Play is supposed to be easy. Sometimes it is so hard for us as parents and teachers to let go of the directive mindset and enter in to a quiet responsive place of play. Dr. Jim has written a wonderfully inspiring and easy to read book called Play to Talk that I highly recommend. In it he urges us to stop talking so much. We have heard somewhere that we need to bathe our child in language, that the more we talk, the more language the child will pick up. However, that doesn’t work sometimes. That doesn’t work for my kid, who is still not talking much at age 4. Dr. Jim suggests that we stop talking so much and only talk about as much as the child himself. At first, I thought this was ridiculous. I was curious to keep reading a bit more, just to see how something so ridiculous could be expected to work. I thought, “Then no one will be talking!” Silence seems scary and counterproductive to me. But silence is important for the child to learn that he is expected to take his turn in the conversation. Dr. Jim recommends modeling language that is possible for the child, using words that are in his repertoire or only one extra word, for example, if the child is playing with a car and he can say “car” you take a car to play with him and say, “car in” or “car, beep.” Then waiting for the child to take a turn.
Then I tried it with my son. It worked.
To be honest, it’s still a little tricky for me to shut off or limit my prompting directive voice when the camera is rolling. I need to remind myself that we are not wasting resources by letting the film roll on the digital camera. That we can delete the whole 5 minutes, no problem. I have tried to think of the camera as a cover for my mouth. There’s a place for prompting, but in this form of play therapy there is an importance in waiting.
There was a clear, and somewhat painful, learning experience for me while I was taking footage for a video story at the playground. Solomon had made a friend with another little boy named Sam. Sam’s aunt was energetic, playful and 100% present and available to interact. She joined in to the boy’s play of selling sticks at the store? I was filming. The boys gave her a handful of sticks, she said, “oooooo. A burger! Yummy!” Solmon said, “Burger.” She said, “Oh this is good!” Solomon said “Good!” and hurried to give her something else. He gave her another handful of mulch. She said, “Oh, good. Lemonade! I need a drink.” He said, “Lemon.” and hurriedly got her something else? Then my mom said, “Can I have a hamburger?” He gave her a pile of mulch. She said, “What is this?” He didn’t answer. I prompted, “Solomon, what did you give Gran? Solomon, is it a hamburger? Solomon? Is it a burger?” He ignored us both and went back to give mulch to the other mother, who said, “Ooooo. Perfect. I wanted some French fries.” He said, “Fries!” and rushed off to give her more. Then Gran asked for something again. He gave her something and she said, “What is this?” He didn’t answer. I tried again to get his attention and asked him to say some words, but he looked at the camera with a look that communicated some sadness and frustration. He didn’t respond to us, but brought the other mother more mulch. As I watched this footage in order to edit the movie, I started to cry. This other mother was demonstrating the skills I was learning in the Play to Talk book and getting much more language from Solomon. She was modeling words he maybe could say. Then waiting expectantly and quietly for his response. Gran and I were asking him questions without giving him a model of the words to say. Then we resorted to directing and prompting and he didn’t feel like we were playing anymore. He gravitated to the other mother who was actively playing, just like she was another kid. She was saying words, taking turns, not demanding a specific response. I guess we all have a lot to learn.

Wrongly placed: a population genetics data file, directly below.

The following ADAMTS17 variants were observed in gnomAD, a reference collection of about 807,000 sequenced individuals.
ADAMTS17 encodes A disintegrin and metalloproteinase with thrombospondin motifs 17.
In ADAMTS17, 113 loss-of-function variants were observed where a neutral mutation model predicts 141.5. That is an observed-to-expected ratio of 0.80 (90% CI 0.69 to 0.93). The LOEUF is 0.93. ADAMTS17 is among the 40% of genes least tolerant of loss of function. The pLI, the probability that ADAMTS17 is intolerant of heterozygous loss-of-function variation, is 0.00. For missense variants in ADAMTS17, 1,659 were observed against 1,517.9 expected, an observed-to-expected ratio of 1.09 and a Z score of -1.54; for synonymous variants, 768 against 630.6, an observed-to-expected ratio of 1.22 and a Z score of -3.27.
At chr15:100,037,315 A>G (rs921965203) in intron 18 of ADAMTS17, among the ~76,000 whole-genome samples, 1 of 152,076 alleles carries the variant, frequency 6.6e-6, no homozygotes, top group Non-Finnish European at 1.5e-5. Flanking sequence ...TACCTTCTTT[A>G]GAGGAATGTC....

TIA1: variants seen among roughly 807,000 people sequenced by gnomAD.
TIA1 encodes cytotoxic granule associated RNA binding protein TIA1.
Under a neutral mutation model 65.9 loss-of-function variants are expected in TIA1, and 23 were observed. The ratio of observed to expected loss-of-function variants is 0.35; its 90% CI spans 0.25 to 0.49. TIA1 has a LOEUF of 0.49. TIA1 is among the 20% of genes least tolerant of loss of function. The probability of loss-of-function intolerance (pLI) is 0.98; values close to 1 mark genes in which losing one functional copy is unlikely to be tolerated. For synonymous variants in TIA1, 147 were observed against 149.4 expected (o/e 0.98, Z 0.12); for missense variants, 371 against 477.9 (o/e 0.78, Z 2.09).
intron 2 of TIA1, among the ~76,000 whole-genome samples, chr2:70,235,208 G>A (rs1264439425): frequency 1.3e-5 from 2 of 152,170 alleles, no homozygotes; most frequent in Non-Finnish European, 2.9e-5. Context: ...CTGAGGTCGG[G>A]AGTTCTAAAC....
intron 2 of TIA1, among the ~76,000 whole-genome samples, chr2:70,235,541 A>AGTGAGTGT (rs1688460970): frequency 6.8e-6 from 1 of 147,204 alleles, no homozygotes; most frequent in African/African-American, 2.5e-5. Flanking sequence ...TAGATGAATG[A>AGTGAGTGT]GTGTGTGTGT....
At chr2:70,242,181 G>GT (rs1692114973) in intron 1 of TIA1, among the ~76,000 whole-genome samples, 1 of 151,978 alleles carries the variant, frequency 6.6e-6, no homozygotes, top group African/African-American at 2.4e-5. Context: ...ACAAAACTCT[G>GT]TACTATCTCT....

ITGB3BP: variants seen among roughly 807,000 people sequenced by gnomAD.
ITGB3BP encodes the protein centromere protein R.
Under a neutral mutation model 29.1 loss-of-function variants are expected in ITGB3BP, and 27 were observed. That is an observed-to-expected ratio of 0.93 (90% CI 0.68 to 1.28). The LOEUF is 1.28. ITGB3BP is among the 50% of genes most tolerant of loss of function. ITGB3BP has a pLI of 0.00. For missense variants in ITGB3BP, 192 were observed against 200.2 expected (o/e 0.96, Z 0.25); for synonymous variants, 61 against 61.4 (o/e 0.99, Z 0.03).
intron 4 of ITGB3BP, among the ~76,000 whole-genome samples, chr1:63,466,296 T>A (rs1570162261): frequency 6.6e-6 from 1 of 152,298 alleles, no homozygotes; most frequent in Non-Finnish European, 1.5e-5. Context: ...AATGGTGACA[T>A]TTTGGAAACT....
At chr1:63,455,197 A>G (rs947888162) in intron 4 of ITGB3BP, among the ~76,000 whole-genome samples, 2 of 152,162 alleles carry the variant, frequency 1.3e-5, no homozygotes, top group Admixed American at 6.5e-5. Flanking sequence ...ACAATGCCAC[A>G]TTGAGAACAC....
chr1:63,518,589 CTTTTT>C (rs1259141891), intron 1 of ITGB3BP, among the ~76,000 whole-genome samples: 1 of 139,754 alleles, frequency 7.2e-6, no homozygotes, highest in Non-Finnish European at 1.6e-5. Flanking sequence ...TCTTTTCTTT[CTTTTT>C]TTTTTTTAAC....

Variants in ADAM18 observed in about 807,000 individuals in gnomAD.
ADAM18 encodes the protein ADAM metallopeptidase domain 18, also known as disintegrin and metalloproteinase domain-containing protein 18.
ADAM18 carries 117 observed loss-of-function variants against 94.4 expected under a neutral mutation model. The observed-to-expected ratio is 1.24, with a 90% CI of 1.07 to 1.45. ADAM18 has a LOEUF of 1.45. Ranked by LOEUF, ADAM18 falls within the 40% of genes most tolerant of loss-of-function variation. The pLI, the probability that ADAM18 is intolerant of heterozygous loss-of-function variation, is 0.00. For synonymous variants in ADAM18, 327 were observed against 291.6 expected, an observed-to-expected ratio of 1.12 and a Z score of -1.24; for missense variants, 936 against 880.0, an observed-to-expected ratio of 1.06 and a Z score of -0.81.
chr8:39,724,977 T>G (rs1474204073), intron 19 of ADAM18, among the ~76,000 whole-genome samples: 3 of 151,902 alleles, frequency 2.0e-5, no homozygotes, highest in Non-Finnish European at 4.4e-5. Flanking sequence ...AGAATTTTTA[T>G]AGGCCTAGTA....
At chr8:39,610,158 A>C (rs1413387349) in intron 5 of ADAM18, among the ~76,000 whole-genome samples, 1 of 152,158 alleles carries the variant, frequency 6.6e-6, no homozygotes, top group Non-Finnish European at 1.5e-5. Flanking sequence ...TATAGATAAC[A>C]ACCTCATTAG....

I have been very diligent at changing my method.